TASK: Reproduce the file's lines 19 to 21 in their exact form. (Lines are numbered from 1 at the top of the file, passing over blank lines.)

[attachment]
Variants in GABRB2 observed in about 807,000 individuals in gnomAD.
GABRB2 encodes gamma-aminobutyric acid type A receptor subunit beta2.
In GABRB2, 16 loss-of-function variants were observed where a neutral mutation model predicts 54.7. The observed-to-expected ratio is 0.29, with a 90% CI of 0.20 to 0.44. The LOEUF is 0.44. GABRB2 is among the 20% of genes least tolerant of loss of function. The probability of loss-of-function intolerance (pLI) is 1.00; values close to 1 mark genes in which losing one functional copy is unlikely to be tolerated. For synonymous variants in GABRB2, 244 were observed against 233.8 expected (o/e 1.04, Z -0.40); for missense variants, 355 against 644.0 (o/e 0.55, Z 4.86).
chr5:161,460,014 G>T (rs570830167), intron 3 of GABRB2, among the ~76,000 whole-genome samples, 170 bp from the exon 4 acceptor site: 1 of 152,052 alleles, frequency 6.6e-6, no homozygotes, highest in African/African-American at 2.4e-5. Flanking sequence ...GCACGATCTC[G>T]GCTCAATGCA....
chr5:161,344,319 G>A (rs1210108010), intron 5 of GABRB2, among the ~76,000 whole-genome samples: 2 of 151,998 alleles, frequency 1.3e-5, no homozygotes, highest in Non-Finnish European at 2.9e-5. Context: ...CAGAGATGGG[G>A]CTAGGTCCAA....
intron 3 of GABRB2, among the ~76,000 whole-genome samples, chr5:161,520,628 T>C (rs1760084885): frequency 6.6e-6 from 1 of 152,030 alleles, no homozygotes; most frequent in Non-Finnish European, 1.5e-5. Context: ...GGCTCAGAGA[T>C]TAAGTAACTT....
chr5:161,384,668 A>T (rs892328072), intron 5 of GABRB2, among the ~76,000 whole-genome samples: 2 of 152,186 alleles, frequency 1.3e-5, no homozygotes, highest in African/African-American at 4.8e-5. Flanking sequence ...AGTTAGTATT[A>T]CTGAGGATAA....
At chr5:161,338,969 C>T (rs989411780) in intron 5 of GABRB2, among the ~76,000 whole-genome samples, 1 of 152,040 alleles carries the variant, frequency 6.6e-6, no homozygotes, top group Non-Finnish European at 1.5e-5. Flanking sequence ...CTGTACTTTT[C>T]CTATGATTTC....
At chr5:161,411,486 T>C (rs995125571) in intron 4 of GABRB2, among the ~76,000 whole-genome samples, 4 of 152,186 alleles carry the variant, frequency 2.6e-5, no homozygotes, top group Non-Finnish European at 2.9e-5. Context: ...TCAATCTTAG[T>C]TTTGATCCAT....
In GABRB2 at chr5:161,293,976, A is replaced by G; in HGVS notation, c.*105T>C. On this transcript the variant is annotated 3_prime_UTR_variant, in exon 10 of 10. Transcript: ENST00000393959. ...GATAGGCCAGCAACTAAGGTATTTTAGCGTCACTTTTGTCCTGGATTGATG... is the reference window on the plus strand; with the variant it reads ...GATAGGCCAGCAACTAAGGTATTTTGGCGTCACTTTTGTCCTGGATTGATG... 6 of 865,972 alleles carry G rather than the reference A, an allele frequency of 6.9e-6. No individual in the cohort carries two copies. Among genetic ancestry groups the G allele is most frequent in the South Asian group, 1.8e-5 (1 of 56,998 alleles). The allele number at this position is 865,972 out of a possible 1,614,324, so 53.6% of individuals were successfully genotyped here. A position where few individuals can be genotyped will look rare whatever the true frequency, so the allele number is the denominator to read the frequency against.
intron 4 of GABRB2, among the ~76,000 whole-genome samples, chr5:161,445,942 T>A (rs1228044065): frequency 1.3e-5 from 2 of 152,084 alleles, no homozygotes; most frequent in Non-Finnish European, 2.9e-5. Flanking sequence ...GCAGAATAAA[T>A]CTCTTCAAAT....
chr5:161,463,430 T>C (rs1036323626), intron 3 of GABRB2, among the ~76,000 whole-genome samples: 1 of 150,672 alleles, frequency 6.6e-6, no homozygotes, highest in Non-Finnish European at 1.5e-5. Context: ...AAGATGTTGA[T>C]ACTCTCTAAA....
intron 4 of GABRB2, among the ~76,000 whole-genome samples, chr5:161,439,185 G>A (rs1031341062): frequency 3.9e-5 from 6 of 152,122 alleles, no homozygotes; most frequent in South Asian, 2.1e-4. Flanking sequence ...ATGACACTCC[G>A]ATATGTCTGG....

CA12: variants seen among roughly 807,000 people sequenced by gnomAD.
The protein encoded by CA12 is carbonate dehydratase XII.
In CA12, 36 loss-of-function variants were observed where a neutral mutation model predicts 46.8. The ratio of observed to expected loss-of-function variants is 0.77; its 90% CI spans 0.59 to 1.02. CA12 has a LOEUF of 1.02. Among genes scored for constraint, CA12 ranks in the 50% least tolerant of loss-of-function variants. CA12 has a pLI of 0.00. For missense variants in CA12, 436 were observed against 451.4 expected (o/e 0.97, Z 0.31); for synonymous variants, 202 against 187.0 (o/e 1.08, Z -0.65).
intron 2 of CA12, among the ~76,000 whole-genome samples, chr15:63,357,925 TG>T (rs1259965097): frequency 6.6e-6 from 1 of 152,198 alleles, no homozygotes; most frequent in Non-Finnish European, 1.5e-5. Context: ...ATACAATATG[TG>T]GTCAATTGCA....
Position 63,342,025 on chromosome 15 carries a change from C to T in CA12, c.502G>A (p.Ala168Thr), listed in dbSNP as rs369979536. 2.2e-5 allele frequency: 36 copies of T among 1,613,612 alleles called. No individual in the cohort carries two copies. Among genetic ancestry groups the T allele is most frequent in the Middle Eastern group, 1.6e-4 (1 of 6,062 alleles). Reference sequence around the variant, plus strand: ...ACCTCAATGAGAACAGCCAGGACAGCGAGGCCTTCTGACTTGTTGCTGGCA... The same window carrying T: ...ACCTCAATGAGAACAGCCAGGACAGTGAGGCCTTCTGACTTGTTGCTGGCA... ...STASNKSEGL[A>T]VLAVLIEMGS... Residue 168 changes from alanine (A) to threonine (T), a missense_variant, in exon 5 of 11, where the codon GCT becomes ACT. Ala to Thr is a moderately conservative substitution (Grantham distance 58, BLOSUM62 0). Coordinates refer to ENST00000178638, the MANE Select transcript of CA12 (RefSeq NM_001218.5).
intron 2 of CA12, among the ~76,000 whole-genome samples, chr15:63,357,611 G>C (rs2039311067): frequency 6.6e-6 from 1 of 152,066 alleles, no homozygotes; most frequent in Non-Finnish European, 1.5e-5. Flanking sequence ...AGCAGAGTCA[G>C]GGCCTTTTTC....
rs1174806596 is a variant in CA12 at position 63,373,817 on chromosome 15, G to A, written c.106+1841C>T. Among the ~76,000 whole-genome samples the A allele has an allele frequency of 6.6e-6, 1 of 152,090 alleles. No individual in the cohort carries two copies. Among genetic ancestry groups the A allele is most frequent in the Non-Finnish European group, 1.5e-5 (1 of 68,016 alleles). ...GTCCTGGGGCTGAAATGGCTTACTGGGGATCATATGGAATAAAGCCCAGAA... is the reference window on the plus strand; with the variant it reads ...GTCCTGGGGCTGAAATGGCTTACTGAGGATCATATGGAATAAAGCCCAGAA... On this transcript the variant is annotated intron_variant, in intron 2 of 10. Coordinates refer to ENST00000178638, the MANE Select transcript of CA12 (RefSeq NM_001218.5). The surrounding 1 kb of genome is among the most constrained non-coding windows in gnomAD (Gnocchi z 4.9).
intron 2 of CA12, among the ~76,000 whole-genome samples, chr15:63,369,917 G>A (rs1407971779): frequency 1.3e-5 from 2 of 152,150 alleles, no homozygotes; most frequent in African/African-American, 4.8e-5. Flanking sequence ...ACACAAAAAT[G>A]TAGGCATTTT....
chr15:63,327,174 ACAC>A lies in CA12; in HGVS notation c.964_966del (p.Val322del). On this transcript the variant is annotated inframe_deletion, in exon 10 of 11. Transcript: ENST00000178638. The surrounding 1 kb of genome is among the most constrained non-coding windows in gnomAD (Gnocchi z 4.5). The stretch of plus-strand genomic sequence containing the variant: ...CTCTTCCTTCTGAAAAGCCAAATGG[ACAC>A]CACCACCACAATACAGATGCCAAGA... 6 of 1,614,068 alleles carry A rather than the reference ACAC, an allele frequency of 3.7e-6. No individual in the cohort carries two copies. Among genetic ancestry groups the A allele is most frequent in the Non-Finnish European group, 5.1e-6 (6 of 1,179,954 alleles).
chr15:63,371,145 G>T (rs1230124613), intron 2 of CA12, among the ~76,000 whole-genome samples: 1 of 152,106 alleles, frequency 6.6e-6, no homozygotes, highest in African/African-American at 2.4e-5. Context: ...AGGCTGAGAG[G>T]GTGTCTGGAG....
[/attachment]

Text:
intron 2 of CA12, among the ~76,000 whole-genome samples, chr15:63,357,611 G>C (rs2039311067): frequency 6.6e-6 from 1 of 152,066 alleles, no homozygotes; most frequent in Non-Finnish European, 1.5e-5. Flanking sequence ...AGCAGAGTCA[G>C]GGCCTTTTTC....
rs1174806596 is a variant in CA12 at position 63,373,817 on chromosome 15, G to A, written c.106+1841C>T. Among the ~76,000 whole-genome samples the A allele has an allele frequency of 6.6e-6, 1 of 152,090 alleles. No individual in the cohort carries two copies. Among genetic ancestry groups the A allele is most frequent in the Non-Finnish European group, 1.5e-5 (1 of 68,016 alleles). ...GTCCTGGGGCTGAAATGGCTTACTGGGGATCATATGGAATAAAGCCCAGAA... is the reference window on the plus strand; with the variant it reads ...GTCCTGGGGCTGAAATGGCTTACTGAGGATCATATGGAATAAAGCCCAGAA... On this transcript the variant is annotated intron_variant, in intron 2 of 10. Coordinates refer to ENST00000178638, the MANE Select transcript of CA12 (RefSeq NM_001218.5). The surrounding 1 kb of genome is among the most constrained non-coding windows in gnomAD (Gnocchi z 4.9).
intron 2 of CA12, among the ~76,000 whole-genome samples, chr15:63,369,917 G>A (rs1407971779): frequency 1.3e-5 from 2 of 152,150 alleles, no homozygotes; most frequent in African/African-American, 4.8e-5. Flanking sequence ...ACACAAAAAT[G>A]TAGGCATTTT....